Crises of Microcredit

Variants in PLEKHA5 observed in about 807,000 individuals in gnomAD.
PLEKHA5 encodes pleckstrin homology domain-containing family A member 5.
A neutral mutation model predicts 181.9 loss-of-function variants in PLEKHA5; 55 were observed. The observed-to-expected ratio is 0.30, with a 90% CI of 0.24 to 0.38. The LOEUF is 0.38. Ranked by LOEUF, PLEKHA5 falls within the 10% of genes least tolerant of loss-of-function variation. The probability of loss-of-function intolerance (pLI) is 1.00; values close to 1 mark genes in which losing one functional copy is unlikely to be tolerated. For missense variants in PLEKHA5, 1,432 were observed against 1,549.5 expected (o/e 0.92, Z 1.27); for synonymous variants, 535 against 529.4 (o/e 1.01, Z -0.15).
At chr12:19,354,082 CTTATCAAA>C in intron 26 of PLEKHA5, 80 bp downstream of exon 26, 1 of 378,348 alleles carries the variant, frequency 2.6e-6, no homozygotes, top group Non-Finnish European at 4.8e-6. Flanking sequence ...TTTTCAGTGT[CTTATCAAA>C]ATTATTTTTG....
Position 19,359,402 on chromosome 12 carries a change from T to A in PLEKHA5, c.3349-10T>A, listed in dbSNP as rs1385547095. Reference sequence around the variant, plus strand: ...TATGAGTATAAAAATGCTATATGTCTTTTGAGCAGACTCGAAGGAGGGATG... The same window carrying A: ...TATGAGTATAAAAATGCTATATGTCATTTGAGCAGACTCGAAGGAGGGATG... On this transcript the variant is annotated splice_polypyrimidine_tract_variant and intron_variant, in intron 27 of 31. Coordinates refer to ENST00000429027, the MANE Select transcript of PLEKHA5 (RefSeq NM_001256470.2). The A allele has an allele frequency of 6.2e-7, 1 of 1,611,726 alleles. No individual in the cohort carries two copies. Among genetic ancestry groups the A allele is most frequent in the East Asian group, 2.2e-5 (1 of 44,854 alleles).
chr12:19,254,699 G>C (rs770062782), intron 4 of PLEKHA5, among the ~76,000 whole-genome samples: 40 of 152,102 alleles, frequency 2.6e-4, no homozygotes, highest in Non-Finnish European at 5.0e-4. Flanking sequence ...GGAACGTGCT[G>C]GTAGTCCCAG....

Microcredit programmes, long considered efficient development tools, now face unprecedented crises in a number of countries. Is this the end of microcredit or rather an essential step in its expansion? Should we stop microcredit altogether or rethink the way it is implemented? Drawing on extensive empirical research conducted in various parts of the world, this important volume examines the whole chain of microcredit - from investors and donors to clients - to provide the answers to these questions. In doing so, the authors highlight the diversity of crises, both in intensity and in nature, while also shedding light on a diversity of causes, be it microcredit organizations unprepared for massive growth, saturated local economies or greedy investors and shareholders attracted by profits. Crucially, the authors demonstrate that microcredit is not a monolithic project, and the crises should also be analysed in the light of national histories and policies. An original and necessary intervention in what has become one of the most contentious topics within the development world.